Litigation or Arbitration

With these positive developments in both cross-border litigation and arbitration, the question remains - which is more effective? It will depend on the nature of each transaction, the parties, and the dispute resolution mechanism available in the jurisdictions of the parties, as well as any confidentiality concerns, and most importantly the enforceability of any award or judgment. If parties are leaning towards arbitration, it is important to select a seat with a modern arbitration law, which allows parties to be represented by lawyers of their choice, as well as a jurisdiction that readily recognises and enforces arbitration agreements and awards. If such a seat is not available to parties, litigation may be the better choice.


1. Essar Oilfields Services Limited v Norscot Rig Management PVT Limited [2016] EWHC 2361 (Comm), for further details, please see our Arbitration Notes blog post here.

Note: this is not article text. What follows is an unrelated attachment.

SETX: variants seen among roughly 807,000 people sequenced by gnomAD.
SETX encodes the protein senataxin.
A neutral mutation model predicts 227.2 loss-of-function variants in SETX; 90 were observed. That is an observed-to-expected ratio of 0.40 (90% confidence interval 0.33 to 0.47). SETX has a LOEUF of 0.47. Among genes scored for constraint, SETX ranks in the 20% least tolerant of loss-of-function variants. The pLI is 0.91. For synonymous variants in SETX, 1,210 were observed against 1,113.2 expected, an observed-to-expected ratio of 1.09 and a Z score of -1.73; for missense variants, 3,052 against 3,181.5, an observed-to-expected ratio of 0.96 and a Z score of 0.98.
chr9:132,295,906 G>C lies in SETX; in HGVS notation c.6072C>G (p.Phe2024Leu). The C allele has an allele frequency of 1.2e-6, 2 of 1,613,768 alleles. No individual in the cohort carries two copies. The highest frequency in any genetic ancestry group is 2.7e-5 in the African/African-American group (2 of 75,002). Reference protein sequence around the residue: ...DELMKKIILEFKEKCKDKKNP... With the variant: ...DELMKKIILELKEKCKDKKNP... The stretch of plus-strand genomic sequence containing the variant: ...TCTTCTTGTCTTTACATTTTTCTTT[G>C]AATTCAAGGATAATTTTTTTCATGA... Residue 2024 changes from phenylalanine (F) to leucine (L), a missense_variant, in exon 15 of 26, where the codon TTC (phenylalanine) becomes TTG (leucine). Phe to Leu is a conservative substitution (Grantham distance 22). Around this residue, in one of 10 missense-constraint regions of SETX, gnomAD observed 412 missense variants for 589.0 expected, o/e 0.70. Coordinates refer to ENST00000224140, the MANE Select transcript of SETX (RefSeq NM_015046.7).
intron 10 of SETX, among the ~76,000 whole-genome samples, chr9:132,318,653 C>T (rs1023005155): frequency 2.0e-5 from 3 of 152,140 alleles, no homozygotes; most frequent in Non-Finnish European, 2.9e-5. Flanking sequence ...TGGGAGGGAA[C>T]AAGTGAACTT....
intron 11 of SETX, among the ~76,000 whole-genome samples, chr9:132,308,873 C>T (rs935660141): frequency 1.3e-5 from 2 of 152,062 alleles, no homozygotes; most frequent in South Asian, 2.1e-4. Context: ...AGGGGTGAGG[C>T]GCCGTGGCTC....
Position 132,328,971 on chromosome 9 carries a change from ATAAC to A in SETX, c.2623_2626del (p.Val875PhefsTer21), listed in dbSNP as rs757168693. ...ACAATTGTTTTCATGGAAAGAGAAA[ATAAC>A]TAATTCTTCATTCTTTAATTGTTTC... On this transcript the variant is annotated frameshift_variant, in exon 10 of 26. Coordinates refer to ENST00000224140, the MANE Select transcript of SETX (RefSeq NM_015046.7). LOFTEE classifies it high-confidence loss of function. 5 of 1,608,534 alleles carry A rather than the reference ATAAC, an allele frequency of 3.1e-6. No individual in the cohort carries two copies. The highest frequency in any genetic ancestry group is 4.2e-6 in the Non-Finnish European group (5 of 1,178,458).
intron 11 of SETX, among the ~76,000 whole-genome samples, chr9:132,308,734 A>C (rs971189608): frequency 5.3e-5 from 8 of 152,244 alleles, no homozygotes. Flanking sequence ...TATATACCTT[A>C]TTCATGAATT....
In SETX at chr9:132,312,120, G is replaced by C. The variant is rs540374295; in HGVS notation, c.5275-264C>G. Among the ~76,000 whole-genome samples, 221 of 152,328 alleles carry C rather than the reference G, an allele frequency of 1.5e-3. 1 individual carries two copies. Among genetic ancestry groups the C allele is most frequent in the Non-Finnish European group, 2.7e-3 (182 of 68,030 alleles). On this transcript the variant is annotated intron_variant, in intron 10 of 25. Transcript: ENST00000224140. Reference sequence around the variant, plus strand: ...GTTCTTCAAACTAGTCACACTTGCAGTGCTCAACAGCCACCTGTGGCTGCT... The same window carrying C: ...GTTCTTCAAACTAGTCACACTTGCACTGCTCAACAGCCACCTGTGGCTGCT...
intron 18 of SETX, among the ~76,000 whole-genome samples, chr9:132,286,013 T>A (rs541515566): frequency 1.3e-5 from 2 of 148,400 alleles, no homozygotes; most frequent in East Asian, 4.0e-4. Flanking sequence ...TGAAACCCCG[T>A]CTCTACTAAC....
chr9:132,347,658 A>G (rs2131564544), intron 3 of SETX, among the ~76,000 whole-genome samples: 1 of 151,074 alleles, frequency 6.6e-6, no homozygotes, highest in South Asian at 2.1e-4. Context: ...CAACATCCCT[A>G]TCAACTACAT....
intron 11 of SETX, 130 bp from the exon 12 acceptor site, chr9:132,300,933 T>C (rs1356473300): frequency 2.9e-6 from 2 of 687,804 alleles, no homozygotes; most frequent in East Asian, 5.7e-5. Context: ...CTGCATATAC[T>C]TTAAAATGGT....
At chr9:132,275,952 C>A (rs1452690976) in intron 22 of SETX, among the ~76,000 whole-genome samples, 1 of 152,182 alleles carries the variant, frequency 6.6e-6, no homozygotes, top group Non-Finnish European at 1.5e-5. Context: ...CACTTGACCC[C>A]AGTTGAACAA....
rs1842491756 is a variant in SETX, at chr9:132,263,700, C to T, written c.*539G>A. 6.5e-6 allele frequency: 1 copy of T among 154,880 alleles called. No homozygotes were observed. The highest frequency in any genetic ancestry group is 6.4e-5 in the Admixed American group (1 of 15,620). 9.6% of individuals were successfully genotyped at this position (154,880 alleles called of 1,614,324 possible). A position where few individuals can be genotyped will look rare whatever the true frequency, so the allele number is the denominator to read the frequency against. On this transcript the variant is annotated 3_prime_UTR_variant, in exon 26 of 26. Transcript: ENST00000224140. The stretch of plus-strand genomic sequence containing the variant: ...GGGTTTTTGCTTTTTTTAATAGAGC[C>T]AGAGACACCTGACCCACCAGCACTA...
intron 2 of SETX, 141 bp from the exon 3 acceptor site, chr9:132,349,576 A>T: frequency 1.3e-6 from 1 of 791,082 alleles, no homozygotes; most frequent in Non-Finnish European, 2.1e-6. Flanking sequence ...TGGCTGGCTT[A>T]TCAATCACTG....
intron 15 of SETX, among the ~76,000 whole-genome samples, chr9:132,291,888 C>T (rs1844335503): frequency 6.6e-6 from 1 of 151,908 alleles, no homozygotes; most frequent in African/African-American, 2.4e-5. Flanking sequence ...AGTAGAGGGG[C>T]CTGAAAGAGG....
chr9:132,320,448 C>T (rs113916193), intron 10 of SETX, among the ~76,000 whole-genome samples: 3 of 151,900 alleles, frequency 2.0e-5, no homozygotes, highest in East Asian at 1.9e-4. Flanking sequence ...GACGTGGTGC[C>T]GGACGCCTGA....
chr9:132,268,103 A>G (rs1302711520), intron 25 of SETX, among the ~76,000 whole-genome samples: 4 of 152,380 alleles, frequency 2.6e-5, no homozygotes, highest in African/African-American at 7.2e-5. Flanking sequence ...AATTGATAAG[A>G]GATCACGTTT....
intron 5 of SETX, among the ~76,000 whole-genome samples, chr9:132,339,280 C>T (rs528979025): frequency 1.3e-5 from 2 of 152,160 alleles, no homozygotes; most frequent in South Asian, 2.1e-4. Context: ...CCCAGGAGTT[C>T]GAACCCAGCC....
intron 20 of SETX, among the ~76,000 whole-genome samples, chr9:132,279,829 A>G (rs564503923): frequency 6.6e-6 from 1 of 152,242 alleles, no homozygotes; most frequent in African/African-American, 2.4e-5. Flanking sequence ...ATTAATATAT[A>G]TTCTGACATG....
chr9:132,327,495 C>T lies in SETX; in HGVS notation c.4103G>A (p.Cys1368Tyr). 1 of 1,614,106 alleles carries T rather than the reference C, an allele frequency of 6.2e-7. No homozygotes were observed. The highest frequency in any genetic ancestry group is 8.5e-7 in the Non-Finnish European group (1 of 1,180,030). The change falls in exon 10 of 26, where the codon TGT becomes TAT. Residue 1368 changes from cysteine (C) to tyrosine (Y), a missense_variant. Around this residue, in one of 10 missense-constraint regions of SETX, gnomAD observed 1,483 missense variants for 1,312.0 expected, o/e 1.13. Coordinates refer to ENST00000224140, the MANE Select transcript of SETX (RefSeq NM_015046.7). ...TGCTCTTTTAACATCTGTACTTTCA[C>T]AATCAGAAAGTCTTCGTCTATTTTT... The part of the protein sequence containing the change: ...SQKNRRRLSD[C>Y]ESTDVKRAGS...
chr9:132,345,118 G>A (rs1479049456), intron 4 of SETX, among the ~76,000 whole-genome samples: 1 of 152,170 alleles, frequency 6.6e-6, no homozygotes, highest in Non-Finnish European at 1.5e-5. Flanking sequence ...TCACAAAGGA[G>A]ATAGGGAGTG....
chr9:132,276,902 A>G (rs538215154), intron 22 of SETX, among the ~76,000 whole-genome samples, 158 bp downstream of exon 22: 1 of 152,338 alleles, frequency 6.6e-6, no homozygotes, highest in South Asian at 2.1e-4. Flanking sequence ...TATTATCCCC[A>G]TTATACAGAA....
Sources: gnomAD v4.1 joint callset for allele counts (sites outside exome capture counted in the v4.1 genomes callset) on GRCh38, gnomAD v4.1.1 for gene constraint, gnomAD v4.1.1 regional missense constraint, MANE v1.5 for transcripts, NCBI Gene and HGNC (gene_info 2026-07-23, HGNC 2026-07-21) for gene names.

2. Peter Cheung & Co v. Perfect Direct Limited & Yu Guolin (HCMP 2493/2012) and New Heaven Investments Limited & Rondo Development Limited v. Yu Guolin (HCA 115/2013), for further details, please see our Arbitration Notes blog post here.

The content of this article is intended to provide a general guide to the subject matter. Specialist advice should be sought about your specific circumstances.

To print this article, all you need is to be registered on

Click to Login as an existing user or Register so you can print this article.

Similar Articles
Relevancy Powered by MondaqAI
Some comments from our readers…
“The articles are extremely timely and highly applicable”
“I often find critical information not available elsewhere”
“As in-house counsel, Mondaq’s service is of great value”

Practice Guides
by Mondaq Advice Centres
Relevancy Powered by MondaqAI
Related Topics
Similar Articles
Relevancy Powered by MondaqAI
Related Articles
Up-coming Events Search
Font Size:
Mondaq on Twitter
Mondaq Free Registration
Gain access to Mondaq global archive of over 375,000 articles covering 200 countries with a personalised News Alert and automatic login on this device.
Mondaq News Alert (some suggested topics and region)
Select Topics
Registration (please scroll down to set your data preferences)

Mondaq Ltd requires you to register and provide information that personally identifies you, including your content preferences, for three primary purposes (full details of Mondaq’s use of your personal data can be found in our Privacy and Cookies Notice):